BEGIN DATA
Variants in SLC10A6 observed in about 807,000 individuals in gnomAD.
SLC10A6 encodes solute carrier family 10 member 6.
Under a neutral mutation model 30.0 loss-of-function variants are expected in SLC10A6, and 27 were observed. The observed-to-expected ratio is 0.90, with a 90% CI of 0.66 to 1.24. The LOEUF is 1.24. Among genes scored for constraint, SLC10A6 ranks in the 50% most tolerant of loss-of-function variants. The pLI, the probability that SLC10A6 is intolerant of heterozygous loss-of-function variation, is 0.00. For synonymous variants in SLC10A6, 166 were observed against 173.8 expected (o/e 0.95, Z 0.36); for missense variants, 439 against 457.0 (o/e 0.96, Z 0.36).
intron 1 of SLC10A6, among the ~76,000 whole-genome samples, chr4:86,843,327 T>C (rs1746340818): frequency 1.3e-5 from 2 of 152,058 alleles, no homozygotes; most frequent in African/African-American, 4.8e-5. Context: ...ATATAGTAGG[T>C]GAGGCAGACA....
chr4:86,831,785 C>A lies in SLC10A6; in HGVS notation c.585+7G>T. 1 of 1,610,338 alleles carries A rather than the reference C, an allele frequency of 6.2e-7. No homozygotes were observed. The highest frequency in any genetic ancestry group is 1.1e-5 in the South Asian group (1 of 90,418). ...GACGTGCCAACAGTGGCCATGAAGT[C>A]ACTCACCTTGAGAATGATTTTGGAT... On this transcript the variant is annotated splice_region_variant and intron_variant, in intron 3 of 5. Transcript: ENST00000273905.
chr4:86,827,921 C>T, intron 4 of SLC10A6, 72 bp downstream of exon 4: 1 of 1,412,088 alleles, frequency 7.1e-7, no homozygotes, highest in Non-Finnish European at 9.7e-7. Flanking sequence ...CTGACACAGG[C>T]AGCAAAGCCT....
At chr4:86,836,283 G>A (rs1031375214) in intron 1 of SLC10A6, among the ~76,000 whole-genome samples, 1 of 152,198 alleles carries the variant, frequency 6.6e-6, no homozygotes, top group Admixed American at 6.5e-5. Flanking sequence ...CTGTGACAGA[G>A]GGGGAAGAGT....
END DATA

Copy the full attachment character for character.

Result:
Variants in SLC10A6 observed in about 807,000 individuals in gnomAD.
SLC10A6 encodes solute carrier family 10 member 6.
Under a neutral mutation model 30.0 loss-of-function variants are expected in SLC10A6, and 27 were observed. The observed-to-expected ratio is 0.90, with a 90% CI of 0.66 to 1.24. The LOEUF is 1.24. Among genes scored for constraint, SLC10A6 ranks in the 50% most tolerant of loss-of-function variants. The pLI, the probability that SLC10A6 is intolerant of heterozygous loss-of-function variation, is 0.00. For synonymous variants in SLC10A6, 166 were observed against 173.8 expected (o/e 0.95, Z 0.36); for missense variants, 439 against 457.0 (o/e 0.96, Z 0.36).
intron 1 of SLC10A6, among the ~76,000 whole-genome samples, chr4:86,843,327 T>C (rs1746340818): frequency 1.3e-5 from 2 of 152,058 alleles, no homozygotes; most frequent in African/African-American, 4.8e-5. Context: ...ATATAGTAGG[T>C]GAGGCAGACA....
chr4:86,831,785 C>A lies in SLC10A6; in HGVS notation c.585+7G>T. 1 of 1,610,338 alleles carries A rather than the reference C, an allele frequency of 6.2e-7. No homozygotes were observed. The highest frequency in any genetic ancestry group is 1.1e-5 in the South Asian group (1 of 90,418). ...GACGTGCCAACAGTGGCCATGAAGT[C>A]ACTCACCTTGAGAATGATTTTGGAT... On this transcript the variant is annotated splice_region_variant and intron_variant, in intron 3 of 5. Transcript: ENST00000273905.
chr4:86,827,921 C>T, intron 4 of SLC10A6, 72 bp downstream of exon 4: 1 of 1,412,088 alleles, frequency 7.1e-7, no homozygotes, highest in Non-Finnish European at 9.7e-7. Flanking sequence ...CTGACACAGG[C>T]AGCAAAGCCT....
At chr4:86,836,283 G>A (rs1031375214) in intron 1 of SLC10A6, among the ~76,000 whole-genome samples, 1 of 152,198 alleles carries the variant, frequency 6.6e-6, no homozygotes, top group Admixed American at 6.5e-5. Flanking sequence ...CTGTGACAGA[G>A]GGGGAAGAGT....